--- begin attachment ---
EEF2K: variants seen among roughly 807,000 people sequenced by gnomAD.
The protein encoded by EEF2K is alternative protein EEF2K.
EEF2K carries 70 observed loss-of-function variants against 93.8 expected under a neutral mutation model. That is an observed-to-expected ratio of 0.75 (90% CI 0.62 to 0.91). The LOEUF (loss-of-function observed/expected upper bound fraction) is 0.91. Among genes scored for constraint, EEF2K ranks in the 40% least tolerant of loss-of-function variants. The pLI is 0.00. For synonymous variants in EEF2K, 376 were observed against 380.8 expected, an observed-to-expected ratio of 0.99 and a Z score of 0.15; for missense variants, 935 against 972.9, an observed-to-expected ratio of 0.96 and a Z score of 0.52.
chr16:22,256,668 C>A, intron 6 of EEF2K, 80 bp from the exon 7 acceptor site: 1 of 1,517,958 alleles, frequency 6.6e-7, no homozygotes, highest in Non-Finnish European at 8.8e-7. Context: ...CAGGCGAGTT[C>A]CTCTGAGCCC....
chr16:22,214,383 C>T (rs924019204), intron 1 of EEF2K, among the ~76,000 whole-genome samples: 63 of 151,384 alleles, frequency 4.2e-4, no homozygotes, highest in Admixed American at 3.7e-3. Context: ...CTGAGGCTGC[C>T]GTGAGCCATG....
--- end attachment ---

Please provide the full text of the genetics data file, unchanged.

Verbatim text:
EEF2K: variants seen among roughly 807,000 people sequenced by gnomAD.
The protein encoded by EEF2K is alternative protein EEF2K.
EEF2K carries 70 observed loss-of-function variants against 93.8 expected under a neutral mutation model. That is an observed-to-expected ratio of 0.75 (90% CI 0.62 to 0.91). The LOEUF (loss-of-function observed/expected upper bound fraction) is 0.91. Among genes scored for constraint, EEF2K ranks in the 40% least tolerant of loss-of-function variants. The pLI is 0.00. For synonymous variants in EEF2K, 376 were observed against 380.8 expected, an observed-to-expected ratio of 0.99 and a Z score of 0.15; for missense variants, 935 against 972.9, an observed-to-expected ratio of 0.96 and a Z score of 0.52.
chr16:22,256,668 C>A, intron 6 of EEF2K, 80 bp from the exon 7 acceptor site: 1 of 1,517,958 alleles, frequency 6.6e-7, no homozygotes, highest in Non-Finnish European at 8.8e-7. Context: ...CAGGCGAGTT[C>A]CTCTGAGCCC....
chr16:22,214,383 C>T (rs924019204), intron 1 of EEF2K, among the ~76,000 whole-genome samples: 63 of 151,384 alleles, frequency 4.2e-4, no homozygotes, highest in Admixed American at 3.7e-3. Context: ...CTGAGGCTGC[C>T]GTGAGCCATG....